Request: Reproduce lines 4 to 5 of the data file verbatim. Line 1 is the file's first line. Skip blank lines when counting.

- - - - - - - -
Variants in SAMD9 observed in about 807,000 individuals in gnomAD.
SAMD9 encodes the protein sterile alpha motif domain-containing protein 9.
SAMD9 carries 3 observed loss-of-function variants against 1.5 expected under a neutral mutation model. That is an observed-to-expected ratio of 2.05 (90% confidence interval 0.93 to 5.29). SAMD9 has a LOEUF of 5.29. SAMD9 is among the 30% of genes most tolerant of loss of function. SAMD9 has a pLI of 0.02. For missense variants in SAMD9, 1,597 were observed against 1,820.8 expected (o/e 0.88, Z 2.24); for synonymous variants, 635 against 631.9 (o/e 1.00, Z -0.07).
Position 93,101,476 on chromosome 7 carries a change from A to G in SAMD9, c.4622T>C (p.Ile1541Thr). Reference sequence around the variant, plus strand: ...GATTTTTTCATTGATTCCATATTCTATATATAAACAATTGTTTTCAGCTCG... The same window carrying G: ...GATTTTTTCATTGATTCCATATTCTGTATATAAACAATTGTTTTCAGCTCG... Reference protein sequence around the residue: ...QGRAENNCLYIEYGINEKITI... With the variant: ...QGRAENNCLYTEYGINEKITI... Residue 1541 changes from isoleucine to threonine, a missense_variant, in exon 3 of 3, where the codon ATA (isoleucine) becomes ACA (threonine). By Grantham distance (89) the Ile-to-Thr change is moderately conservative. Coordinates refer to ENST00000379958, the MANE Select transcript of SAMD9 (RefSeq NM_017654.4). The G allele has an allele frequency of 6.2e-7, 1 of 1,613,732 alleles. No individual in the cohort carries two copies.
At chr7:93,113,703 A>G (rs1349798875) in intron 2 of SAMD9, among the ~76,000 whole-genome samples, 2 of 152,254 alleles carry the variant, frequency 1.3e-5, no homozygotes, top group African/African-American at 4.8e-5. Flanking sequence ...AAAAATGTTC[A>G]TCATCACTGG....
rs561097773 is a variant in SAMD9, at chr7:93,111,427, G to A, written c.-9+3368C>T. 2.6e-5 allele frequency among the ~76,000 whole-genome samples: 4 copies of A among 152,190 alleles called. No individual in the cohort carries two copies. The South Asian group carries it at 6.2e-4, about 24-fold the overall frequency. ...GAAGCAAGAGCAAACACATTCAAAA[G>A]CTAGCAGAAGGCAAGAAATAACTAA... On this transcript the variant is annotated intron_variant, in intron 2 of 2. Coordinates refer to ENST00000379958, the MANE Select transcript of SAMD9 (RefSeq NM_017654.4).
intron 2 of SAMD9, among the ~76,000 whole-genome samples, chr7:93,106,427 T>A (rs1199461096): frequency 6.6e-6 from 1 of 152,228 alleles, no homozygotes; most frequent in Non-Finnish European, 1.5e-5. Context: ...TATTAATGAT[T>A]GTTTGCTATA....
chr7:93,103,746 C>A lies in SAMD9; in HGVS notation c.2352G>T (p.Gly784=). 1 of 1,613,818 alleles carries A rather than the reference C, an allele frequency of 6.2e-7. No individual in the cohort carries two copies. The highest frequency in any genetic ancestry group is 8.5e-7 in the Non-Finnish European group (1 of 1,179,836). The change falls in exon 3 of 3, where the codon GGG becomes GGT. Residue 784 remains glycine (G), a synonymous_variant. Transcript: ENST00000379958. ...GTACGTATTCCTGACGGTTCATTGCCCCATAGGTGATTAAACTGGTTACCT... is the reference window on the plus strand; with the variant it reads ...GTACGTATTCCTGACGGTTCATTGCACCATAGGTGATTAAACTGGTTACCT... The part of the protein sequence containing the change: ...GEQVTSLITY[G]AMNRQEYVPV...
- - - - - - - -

Position 93,101,476 on chromosome 7 carries a change from A to G in SAMD9, c.4622T>C (p.Ile1541Thr). Reference sequence around the variant, plus strand: ...GATTTTTTCATTGATTCCATATTCTATATATAAACAATTGTTTTCAGCTCG... The same window carrying G: ...GATTTTTTCATTGATTCCATATTCTGTATATAAACAATTGTTTTCAGCTCG... Reference protein sequence around the residue: ...QGRAENNCLYIEYGINEKITI... With the variant: ...QGRAENNCLYTEYGINEKITI... Residue 1541 changes from isoleucine to threonine, a missense_variant, in exon 3 of 3, where the codon ATA (isoleucine) becomes ACA (threonine). By Grantham distance (89) the Ile-to-Thr change is moderately conservative. Coordinates refer to ENST00000379958, the MANE Select transcript of SAMD9 (RefSeq NM_017654.4). The G allele has an allele frequency of 6.2e-7, 1 of 1,613,732 alleles. No individual in the cohort carries two copies.
At chr7:93,113,703 A>G (rs1349798875) in intron 2 of SAMD9, among the ~76,000 whole-genome samples, 2 of 152,254 alleles carry the variant, frequency 1.3e-5, no homozygotes, top group African/African-American at 4.8e-5. Flanking sequence ...AAAAATGTTC[A>G]TCATCACTGG....